The two edges of Ockham's razor (was: Making sense of EPW)

Russell Turpin deafbox at hotmail.com
Tue Apr 29 17:36:37 PDT 2003


Jeff Bone:
>I guess what I would say is that EPW is an abstraction of physical theory, 
>based on the assumption that you don't prune phase space based on 
>particular constants and laws, you merely cluster it around them. I.e., it 
>doesn't necessarily assume that locally observed constants and laws are in 
>the larger sense universal (or meta-universal) --- which IMHO is good 
>scientific bias.

There's a very interesting insight here, which
is that the simpler the ontological theory,
the greater the number of universes that are
assumed to exist. Quantum theory, in its essence,
gives rise to many universes. They ARE the wave
function. To pare that down to the one universe
we observe, it's necessary to give some sort of
ontologically special status to us, either as
macroscopic objects or as observers or in some
other fashion. This complicates the theory,
some would say to its breaking point, but pares
down the number of universes.

What gives rise to EPW is the notion that there
is no difference between a fully rendered
simulation and the reality so simulated. One
could make further assumptions about which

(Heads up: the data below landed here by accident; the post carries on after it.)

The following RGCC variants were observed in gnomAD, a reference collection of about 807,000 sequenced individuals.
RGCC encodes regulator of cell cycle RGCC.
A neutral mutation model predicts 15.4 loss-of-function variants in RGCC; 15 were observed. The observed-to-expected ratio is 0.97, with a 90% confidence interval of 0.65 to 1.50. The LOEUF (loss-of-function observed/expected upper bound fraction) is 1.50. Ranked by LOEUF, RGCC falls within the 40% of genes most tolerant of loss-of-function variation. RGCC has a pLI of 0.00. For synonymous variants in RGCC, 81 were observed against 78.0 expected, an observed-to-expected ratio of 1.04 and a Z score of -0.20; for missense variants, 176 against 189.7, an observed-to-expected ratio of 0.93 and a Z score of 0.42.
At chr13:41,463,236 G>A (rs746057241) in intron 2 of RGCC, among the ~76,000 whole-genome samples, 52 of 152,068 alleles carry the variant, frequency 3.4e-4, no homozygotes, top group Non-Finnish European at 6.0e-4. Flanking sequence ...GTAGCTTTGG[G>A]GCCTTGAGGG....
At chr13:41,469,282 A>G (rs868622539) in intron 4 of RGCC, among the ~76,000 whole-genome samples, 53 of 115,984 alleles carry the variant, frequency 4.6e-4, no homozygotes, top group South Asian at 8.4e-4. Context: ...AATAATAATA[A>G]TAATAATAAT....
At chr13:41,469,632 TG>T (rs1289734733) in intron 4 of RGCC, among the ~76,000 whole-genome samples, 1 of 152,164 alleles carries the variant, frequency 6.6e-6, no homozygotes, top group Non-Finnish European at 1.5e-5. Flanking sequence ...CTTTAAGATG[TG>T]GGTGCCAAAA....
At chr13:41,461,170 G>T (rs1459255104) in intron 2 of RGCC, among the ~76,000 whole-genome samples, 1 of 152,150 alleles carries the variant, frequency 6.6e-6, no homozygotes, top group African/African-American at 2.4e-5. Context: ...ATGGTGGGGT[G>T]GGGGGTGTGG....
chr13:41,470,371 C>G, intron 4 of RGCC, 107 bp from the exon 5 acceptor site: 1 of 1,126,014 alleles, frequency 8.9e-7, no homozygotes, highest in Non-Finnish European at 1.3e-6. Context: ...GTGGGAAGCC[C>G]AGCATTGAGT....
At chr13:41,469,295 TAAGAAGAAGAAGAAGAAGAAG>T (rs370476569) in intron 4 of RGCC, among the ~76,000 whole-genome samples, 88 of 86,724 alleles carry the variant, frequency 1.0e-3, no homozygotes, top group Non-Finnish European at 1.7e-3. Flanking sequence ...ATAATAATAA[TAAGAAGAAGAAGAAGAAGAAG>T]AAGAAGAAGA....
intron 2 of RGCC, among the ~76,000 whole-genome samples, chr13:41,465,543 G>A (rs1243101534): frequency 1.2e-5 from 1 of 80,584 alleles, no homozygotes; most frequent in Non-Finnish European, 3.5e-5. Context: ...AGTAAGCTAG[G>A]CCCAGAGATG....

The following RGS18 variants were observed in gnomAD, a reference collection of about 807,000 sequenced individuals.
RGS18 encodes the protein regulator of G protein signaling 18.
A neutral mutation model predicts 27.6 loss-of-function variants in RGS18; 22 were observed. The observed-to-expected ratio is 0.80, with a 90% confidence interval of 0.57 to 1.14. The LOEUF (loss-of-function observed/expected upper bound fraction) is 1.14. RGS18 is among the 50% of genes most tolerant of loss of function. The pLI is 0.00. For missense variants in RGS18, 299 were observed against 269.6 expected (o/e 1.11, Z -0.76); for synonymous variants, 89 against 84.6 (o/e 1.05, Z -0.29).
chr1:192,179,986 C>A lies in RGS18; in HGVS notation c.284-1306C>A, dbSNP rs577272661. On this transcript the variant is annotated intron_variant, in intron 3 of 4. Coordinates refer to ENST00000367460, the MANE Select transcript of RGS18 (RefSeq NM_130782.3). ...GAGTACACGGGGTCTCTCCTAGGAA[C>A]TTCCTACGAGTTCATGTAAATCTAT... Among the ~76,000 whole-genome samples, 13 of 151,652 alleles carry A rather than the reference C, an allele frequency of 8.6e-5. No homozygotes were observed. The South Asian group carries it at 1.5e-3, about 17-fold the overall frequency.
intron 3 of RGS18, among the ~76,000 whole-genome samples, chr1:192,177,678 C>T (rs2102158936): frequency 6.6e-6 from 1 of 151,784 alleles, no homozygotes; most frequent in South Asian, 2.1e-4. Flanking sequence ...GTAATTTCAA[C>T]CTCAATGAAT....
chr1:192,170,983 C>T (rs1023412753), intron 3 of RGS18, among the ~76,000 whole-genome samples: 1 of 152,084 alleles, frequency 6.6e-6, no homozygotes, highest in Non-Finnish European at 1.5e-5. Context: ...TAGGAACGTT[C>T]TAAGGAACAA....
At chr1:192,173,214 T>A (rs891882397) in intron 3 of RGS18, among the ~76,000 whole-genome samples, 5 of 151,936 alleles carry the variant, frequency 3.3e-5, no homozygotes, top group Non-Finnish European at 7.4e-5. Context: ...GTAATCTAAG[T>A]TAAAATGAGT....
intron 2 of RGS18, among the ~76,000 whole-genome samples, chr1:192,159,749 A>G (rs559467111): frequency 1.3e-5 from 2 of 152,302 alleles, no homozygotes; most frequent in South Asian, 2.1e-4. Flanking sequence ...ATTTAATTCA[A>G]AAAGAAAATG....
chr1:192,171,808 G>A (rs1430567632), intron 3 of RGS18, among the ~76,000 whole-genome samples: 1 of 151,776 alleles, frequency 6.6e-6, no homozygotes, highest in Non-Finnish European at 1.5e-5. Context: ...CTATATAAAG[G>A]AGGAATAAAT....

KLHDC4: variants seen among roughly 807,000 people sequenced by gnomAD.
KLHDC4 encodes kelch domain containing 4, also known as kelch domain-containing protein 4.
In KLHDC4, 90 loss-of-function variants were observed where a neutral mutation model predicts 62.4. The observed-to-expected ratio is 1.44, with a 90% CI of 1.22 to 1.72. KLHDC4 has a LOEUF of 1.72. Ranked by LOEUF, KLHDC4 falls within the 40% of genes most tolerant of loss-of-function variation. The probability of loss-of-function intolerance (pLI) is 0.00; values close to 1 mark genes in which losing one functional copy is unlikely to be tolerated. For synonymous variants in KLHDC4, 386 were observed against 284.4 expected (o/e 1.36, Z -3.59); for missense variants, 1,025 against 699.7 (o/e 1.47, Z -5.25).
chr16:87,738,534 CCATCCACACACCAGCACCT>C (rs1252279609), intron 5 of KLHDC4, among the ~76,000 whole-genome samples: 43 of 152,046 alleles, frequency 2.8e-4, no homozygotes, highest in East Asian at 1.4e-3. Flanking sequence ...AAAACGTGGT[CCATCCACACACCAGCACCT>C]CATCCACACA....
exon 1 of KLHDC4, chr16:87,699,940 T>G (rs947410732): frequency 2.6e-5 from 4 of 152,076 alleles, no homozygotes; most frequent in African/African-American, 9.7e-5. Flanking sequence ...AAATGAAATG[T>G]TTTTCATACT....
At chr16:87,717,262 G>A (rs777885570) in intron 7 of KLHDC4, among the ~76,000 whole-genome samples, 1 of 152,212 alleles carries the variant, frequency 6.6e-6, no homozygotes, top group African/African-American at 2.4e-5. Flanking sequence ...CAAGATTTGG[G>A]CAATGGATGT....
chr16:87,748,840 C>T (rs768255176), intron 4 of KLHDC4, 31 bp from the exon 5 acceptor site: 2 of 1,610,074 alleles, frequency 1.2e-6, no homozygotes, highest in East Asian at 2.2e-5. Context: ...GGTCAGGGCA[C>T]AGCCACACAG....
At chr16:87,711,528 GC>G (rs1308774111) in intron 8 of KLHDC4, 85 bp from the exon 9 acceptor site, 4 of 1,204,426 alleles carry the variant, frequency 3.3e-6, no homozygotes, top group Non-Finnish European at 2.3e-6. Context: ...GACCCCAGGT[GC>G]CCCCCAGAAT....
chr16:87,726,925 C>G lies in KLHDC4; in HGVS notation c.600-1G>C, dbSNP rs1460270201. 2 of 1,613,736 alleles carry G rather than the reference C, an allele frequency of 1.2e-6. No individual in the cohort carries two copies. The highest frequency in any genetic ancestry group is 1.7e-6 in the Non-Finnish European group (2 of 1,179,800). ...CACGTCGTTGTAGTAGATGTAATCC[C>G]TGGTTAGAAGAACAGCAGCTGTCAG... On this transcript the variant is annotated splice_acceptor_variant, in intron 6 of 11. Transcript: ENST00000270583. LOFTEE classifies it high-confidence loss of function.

universes count as "real," thus simultaneously
(a) complicating the theory, and (b) reducing
the number of assumed universes.

I've seen this tension elsewhere in discussions
of Ockham's razor. There are two fundamentally
different interpretations of Ockham's principle.
One says don't make your theory more complex than
necessary. The other says don't multiply the
assumed objects more than necessary. These often
run in contrary direction, when axioms are
introduced to get rid of spurious objects. The
first variant can be justified in much the same
way as hypothetico-deductive science: if a weaker
theory gives rise to the same predictions, then
the "excess" in the stronger theory is not
justified by the evidence at hand. It is fluff.
The second variation has always seemed rather
naive to me, since it is essentially a supposition
in favor of a smaller universe/meta-verse.

I think there's a pop-sci book waiting to be
written here. Do you think there's any money in
it?


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